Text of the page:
We have created a private legal reform institute. We have, as I indicated, helped to encourage Russian lawyers to learn about the outside world and hopefully, we have helped to set up some institutions that will be sustained over the years ahead.
    Chairman GILMAN. The gentleman's time has expired.
    Mr. Manzullo.
    Mr. MANZULLO. Thank you. I appreciate your testimony.
    Mr. Ambassador, I have a copy of your testimony in front of me, and I am sorry, I was at another hearing and did not have the opportunity to hear, but I am really, well I do not know if the word is disturbed or perplexed or whatever it is, but on the bottom of page seven, you state, ''The fiscal year 1998 request for $900 million is a 44 percent increase above the current fiscal year's budget for the NIS.'' Do you see it there, Mr. Ambassador, the last paragraph on the bottom of page seven?
    Mr. MORNINGSTAR. The statement is correct. I am still trying to find it in the testimony. OK.
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    Mr. MANZULLO. You know, part of that includes, it says, ''The level of funding will be able to support more than double the number of exchanges and partnerships.'' Two years ago, we had, and some of the folks here remember, we succeeded in cutting $20 million from the exchanges that were funded through the State Department. Over all, I think there are 22 agencies that spend somewhere between $2.5 and $3 billion a year on these exchanges, and these are very generous.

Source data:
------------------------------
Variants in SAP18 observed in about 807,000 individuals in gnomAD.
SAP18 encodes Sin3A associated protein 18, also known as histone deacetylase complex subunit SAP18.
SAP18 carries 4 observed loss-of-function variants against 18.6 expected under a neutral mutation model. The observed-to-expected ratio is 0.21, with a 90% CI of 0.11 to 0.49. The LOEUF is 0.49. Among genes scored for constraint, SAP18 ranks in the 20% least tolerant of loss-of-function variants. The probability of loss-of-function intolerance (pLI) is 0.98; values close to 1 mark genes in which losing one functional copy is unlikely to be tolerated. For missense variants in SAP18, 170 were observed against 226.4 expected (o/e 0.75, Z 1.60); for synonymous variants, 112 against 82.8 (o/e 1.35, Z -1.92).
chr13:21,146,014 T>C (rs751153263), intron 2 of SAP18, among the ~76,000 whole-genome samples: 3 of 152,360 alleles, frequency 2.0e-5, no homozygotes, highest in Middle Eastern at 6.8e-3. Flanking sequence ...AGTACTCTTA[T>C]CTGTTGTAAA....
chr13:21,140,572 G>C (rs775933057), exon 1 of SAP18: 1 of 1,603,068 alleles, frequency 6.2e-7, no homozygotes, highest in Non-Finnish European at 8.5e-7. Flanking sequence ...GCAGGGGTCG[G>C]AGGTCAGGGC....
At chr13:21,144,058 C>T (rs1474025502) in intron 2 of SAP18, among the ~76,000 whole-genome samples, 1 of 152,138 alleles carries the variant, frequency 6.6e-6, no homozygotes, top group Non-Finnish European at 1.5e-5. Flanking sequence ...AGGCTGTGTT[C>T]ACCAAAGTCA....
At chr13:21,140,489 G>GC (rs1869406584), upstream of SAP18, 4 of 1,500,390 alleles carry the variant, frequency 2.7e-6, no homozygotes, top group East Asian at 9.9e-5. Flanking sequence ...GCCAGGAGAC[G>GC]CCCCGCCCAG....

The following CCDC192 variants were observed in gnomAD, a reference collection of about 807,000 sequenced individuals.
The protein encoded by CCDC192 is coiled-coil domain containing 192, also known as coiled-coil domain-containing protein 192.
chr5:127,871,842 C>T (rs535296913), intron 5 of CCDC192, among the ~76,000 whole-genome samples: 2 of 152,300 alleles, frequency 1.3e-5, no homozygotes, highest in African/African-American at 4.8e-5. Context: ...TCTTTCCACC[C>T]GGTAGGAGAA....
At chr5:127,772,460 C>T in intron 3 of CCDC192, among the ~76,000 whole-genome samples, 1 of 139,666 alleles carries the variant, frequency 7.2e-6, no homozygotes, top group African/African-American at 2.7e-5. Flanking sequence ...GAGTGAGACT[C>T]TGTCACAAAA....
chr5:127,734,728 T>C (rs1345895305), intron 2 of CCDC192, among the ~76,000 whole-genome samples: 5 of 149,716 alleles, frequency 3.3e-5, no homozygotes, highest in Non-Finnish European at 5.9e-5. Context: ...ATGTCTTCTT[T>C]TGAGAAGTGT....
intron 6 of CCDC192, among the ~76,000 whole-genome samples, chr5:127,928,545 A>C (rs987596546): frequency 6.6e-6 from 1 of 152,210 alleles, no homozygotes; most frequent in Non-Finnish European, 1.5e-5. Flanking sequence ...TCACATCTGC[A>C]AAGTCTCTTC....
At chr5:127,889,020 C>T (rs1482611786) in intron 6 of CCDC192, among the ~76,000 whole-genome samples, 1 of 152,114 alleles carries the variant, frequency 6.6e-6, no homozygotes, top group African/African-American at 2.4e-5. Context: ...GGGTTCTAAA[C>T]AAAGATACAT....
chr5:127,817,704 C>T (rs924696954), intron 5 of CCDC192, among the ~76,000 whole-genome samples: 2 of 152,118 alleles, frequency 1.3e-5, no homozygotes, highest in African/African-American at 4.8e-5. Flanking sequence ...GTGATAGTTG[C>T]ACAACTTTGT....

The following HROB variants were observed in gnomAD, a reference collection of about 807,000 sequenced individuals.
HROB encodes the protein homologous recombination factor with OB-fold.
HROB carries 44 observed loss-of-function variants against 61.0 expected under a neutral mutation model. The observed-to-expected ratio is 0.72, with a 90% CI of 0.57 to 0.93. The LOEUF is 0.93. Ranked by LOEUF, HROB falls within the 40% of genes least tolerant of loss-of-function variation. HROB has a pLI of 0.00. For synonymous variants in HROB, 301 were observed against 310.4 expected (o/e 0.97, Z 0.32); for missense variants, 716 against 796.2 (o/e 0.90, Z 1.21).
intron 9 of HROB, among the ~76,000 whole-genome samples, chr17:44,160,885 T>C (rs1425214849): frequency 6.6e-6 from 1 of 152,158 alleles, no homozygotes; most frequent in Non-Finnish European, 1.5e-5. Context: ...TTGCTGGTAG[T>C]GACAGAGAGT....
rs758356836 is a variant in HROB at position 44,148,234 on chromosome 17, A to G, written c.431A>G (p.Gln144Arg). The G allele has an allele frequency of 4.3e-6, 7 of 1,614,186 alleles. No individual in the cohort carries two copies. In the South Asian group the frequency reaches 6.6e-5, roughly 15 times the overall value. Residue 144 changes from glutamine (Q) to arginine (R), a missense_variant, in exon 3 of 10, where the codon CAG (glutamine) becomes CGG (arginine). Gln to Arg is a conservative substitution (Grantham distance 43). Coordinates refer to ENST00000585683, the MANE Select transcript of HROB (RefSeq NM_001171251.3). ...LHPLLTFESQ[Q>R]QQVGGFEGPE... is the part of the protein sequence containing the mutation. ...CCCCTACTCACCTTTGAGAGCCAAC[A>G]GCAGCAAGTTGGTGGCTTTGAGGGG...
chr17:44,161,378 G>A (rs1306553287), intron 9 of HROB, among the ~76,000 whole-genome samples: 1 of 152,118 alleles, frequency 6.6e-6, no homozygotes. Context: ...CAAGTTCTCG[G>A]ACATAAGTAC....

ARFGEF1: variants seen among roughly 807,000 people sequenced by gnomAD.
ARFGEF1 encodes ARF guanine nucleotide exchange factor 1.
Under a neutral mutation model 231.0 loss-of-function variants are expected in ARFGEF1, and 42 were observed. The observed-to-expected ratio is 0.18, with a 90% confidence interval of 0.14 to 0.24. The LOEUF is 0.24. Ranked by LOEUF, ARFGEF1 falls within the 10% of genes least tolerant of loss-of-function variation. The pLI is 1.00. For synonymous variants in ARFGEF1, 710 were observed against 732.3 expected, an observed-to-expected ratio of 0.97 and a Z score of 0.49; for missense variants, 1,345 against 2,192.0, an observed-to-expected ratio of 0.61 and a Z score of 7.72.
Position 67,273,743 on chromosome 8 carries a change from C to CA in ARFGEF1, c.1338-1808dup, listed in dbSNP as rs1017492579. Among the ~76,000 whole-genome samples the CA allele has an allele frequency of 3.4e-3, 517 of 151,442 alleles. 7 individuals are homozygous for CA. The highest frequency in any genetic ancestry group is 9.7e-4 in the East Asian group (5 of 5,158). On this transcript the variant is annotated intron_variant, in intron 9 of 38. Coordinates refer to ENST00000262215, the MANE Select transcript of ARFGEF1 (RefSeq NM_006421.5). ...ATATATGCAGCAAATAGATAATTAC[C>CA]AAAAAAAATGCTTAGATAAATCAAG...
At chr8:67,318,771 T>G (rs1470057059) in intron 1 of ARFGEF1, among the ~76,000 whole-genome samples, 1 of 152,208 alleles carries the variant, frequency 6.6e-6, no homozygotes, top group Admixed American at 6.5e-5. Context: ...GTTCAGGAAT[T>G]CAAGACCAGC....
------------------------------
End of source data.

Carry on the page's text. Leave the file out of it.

Kids come over from Russia. We pay for their air fare, we pay for their housing, we pay for their food, their transportation, and they stay over here a period of time and engage in dialog and they go back home. I had one of those young people in my office and it was very beneficial. But, hot dog. I cannot sell this back home, when people there are fighting to get their kids through college and then you ask for a 44 percent increase. I mean, that is not going to sell back home, and you have to be a lot more conservative in your estimates than to come in here and ask this committee to increase almost half the amount of spending that is going on.
    Mr. MORNINGSTAR. Let me respond on the exchange issue. The total, the 44 percent is the total number.
    Mr. MANZULLO. Right.
    Mr. MORNINGSTAR. With respect to exchanges, we have made a concerted effort to reduce the costs of the exchanges and, in fact, in general, they are about half the cost of what they used to be. The reason that they are, are the kinds of things that you are talking about, that you were just talking about.
    For example, on many of the community-based professional exchanges, where, for example, ten bankers from some Ukrainian city would go to Cincinnati or would go to wherever, you name it, the cost is shared. In most cases, they pay their own plane tickets. There are home stays in the United States, it becomes a community effort.